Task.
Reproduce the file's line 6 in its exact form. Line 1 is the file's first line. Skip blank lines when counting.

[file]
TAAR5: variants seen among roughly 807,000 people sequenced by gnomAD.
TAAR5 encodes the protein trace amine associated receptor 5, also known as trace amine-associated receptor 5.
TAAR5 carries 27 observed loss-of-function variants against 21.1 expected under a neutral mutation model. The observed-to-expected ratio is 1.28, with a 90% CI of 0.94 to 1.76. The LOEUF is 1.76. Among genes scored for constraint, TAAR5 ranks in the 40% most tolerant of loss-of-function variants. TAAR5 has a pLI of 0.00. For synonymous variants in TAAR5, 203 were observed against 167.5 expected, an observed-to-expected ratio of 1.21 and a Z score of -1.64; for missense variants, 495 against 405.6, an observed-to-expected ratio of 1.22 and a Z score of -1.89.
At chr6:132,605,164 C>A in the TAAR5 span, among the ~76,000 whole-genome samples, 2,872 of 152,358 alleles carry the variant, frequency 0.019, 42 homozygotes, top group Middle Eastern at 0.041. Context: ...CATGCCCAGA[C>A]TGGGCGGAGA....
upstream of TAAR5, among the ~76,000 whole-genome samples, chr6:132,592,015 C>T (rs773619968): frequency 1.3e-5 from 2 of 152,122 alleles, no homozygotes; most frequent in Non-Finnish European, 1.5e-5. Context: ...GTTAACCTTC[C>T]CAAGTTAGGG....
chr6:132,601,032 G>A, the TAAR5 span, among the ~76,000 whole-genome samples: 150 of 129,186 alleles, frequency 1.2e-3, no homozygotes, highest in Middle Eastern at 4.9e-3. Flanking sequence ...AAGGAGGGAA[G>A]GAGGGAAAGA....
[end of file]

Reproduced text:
chr6:132,601,032 G>A, the TAAR5 span, among the ~76,000 whole-genome samples: 150 of 129,186 alleles, frequency 1.2e-3, no homozygotes, highest in Middle Eastern at 4.9e-3. Flanking sequence ...AAGGAGGGAA[G>A]GAGGGAAAGA....